There’s been a lot of discussion about diversity in the workplace, and rightfully so. A recent report reveals that those who embrace diversity were 15 to 35 percent more likely to do better financially than other businesses in their industry. That statistic alone makes this topic something you should care about, but there’s much more to it than that.
Here’s how the trend toward being more inclusive affects your company, as well as how you can move toward creating and promoting a more diverse work environment.
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What is Diversity in the Workplace?
A diverse workplace is inclusive of all walks of life, including those of every age, gender, sexual orientation, ethnicity, race, belief, political view, cultural background, physical/mental ability, or religion. By embracing workplace diversity, you choose to create a workplace that includes all groups, and you choose to treat them equally by showing everyone value, regardless of their differences.
The Benefits of a Diverse Workforce
Why would you choose to prioritize a diverse workplace? In some cases, it’s a legal obligation. The Equal Employment Opportunity Commission makes it illegal to discriminate against anyone based on the characteristics outlined in federal rules. If you don’t make reasonable accommodations to include various groups, you could be breaking the law and face steep penalties.
Beyond the regulatory nature of diversity, there are other important benefits to embracing differences. In addition to opening up your workplace to a variety of talents and experiences, you could see the following perks:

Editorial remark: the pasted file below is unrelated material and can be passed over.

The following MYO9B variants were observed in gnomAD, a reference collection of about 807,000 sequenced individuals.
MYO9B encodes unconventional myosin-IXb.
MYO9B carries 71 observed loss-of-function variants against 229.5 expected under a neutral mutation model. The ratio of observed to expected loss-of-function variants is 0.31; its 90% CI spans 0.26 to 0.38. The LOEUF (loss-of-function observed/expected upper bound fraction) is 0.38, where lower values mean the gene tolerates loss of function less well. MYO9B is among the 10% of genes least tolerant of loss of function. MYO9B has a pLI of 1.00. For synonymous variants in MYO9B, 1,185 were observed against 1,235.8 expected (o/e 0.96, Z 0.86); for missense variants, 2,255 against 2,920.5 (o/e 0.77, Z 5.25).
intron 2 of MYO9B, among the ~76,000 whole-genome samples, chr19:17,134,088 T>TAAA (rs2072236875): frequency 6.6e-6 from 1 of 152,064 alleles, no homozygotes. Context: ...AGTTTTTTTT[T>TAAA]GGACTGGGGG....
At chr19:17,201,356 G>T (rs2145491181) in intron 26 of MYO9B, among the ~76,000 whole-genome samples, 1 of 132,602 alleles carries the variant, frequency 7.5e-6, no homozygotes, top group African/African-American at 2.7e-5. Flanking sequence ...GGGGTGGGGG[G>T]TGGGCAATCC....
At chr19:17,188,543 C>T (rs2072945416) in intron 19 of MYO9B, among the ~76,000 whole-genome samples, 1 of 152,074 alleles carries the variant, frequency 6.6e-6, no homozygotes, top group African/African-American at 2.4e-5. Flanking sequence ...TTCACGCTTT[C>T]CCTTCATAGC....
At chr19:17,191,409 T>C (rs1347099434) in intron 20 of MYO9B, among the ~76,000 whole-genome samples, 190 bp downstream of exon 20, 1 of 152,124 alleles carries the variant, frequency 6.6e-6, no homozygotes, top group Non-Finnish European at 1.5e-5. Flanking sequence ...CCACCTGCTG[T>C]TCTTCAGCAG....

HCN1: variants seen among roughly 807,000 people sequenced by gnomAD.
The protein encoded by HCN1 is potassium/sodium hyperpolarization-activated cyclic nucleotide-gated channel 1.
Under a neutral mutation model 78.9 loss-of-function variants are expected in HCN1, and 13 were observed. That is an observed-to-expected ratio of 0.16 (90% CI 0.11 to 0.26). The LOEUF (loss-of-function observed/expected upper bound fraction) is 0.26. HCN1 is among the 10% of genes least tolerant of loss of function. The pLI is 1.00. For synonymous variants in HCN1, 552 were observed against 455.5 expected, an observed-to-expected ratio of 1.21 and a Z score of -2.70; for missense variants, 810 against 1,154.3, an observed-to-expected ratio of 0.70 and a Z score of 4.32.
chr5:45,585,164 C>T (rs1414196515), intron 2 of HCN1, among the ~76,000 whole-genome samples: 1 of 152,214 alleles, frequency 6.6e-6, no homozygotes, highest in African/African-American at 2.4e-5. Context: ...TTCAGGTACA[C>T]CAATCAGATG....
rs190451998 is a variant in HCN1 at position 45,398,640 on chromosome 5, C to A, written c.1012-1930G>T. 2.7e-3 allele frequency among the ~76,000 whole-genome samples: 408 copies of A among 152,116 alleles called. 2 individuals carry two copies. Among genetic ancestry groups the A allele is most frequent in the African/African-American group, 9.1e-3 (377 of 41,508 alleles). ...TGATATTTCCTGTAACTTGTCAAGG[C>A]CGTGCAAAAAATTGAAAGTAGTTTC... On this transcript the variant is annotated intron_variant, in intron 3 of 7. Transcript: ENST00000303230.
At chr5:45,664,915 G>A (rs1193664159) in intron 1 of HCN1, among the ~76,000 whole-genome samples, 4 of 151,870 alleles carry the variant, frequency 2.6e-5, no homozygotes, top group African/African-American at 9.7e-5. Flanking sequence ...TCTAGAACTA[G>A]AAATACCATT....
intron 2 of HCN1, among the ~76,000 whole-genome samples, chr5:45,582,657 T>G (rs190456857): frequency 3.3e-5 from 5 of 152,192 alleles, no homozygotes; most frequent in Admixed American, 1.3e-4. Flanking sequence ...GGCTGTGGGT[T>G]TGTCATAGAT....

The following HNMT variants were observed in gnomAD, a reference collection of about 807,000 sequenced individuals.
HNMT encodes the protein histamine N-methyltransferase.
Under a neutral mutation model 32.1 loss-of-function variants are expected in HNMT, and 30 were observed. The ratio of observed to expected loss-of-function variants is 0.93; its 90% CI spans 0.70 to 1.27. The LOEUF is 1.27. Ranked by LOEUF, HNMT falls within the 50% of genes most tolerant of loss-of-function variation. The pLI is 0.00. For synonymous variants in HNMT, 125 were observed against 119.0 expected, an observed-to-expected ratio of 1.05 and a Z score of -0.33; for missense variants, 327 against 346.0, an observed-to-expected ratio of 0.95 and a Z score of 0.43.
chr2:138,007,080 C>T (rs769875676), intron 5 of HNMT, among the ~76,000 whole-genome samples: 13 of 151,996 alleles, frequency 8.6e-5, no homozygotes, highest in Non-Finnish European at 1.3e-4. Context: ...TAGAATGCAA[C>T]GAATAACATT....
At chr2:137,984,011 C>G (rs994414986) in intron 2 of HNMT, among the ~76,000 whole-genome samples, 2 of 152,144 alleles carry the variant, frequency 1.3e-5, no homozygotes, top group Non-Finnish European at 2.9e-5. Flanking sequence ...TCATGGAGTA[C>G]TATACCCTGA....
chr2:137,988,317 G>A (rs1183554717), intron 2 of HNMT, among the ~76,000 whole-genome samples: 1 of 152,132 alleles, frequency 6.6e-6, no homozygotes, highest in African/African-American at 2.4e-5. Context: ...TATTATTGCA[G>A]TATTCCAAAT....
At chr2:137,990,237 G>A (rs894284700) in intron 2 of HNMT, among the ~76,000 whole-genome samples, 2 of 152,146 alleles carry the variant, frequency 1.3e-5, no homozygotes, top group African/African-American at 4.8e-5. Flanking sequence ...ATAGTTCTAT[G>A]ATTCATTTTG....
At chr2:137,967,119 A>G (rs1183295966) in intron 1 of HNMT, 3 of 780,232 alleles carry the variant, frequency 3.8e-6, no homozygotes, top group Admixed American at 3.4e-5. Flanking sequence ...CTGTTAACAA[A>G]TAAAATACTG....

- Financial gains. According to research, earnings rise .08 percent for every 10 percent increase in racial and ethnic diversity shown in a company’s senior-executive team.
- Intuition. More diverse teams often show more critical thinking and business sense. One recent study linked more diversity to a better ability to price stocks.
- Innovation. Many studies have been done on how diversity impacts the creation of new ideas. Employing more women was credited for why one company’s research and development department was able to come up with some radical concepts.
Not all of the benefits of diversity have been studied, but we can surmise that a more diverse makeup may help outsiders feel more welcome as well. Seeing people of different ages, races, and backgrounds can give an interested job candidate reason to think that they could fit in, too.
Overly homogeneous workspaces may be welcoming in practice but could be mistaken for not wanting to embrace someone who doesn’t look or act like them. When it comes to hiring, perception is very important.
Ways to Build Diversity in the Workplace
Now that you’ve seen why diversity is important, how can you go about implementing it into your business and overall company culture? It takes time to introduce anything new, but these ideas are a good start.
1. Use Diversity-Friendly Job Boards
Some job boards and career websites specifically market to diverse groups. Depending on the group you want to reach, you can opt to spend more time targeting places such as:
- HireAutism, a site that communicates with those in the autism spectrum
- 70 Million Jobs, a board for those with a criminal record
- Hirepurpose, a veteran-focused board
- RecruitDisability, a site for differently-abled job-seekers
- DiversityWorking, one of the major diversity-focused job boards
2. Speak to Diverse Applicants on Your Job Page
Directly address that your company is open and inclusive. Use language that will encourage a broad range of applicants to apply, and consider using words that signal you are committed to diversity. This applies to your website as well as each job listing and job description.
You could also set up a micro-site or hiring page specifically for groups you hope to reach. Walmart’s Careers with a Mission site, for example, speaks directly to veterans and their family members. They use the site to guide job seekers through the hiring process, and to repeat their commitment to hiring a certain number of military members each year.
3. Train Your Recruiting Team